Monday 22nd to Sunday 28th May 2023
Venture outside just after dark, say around 10pm, on Wednesday 24th and there is a great viewing opportunity if you look towards the west. A 25%-lit waxing Crescent Moon will be just above planet Mars. Mars has a magnitude of around +1.5 at the moment, so it will be easy to spot with the naked eye and it has an obvious reddish tint.
Looking to the right of the pair and a bit further down, Venus is still spectacular, shining very brightly. If you aim even a small telescope at Venus, it is possible to see its phase and the planet currently appears to be about 50%-lit or in other words, it will look like a tiny Quarter Moon.
The evening of Saturday 27th is a chance to spot one of the Clair-obscur lunar visual effects in your telescope - the Stars of Aristillus. The effect is caused by sunlight reflecting from the peaks in the middle of crater Aristillus. The whole crater is only 55Km in diameter and it is estimated to be over 1.1 billion years old! Around 10pm, the Moon will be located towards the south west and I have provided a diagram to help you locate the crater, which will be on the sunlight terminator, a little above the centre of the Moon's face.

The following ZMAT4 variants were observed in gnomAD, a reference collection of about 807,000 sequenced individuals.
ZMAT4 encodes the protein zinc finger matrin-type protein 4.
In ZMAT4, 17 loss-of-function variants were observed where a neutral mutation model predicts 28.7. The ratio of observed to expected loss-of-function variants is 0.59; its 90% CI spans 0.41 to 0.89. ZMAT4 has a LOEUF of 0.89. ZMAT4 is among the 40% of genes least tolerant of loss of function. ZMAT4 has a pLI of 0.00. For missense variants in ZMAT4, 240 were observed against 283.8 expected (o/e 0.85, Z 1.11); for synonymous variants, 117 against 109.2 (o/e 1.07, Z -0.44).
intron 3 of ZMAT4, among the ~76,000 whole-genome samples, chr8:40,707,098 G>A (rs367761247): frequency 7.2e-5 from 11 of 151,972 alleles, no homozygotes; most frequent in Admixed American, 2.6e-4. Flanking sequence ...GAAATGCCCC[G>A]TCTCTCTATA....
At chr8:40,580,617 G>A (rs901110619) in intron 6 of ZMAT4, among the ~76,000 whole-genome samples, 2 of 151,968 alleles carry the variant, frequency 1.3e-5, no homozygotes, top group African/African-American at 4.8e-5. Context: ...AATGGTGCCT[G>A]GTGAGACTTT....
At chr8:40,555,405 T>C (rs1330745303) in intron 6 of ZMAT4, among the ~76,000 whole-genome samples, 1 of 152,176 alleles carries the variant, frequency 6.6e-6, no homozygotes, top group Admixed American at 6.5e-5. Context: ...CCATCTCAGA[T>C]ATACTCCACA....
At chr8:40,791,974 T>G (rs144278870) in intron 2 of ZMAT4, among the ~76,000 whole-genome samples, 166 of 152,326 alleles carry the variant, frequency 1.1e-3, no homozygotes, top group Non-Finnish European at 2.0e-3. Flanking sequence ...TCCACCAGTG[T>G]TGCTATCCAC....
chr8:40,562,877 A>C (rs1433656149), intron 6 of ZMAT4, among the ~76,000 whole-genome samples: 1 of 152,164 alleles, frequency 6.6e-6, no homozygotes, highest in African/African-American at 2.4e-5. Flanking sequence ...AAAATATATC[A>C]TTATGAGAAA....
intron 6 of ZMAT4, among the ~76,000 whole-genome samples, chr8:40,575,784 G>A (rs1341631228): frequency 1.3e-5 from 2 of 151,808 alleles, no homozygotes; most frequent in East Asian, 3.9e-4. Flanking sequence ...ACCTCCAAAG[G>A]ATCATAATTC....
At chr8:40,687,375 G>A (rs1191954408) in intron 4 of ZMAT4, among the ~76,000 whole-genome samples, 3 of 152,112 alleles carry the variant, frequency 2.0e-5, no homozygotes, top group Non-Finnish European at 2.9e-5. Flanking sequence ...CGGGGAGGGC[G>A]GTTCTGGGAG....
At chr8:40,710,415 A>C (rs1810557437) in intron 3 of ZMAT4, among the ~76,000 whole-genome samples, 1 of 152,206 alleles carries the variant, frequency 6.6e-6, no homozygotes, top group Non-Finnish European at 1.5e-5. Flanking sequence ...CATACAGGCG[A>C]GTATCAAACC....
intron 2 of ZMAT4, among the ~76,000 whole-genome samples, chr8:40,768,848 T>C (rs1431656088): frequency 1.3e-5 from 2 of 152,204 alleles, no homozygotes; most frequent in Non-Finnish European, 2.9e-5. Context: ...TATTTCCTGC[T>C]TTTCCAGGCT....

Around this time of year is the start of the Noctilucent Cloud season. These night-shining clouds are caused by ice crystals in the upper atmosphere scattering light during astronomical twilight, so are viewable towards the north west horizon for up to a couple of hours after sunset. Similarly, they can be detected a couple of hours before sunrise if you are looking towards the north east.
Screenshots courtesy of Stellarium
Copyright Adrian Dening and Radio Ninesprings 2023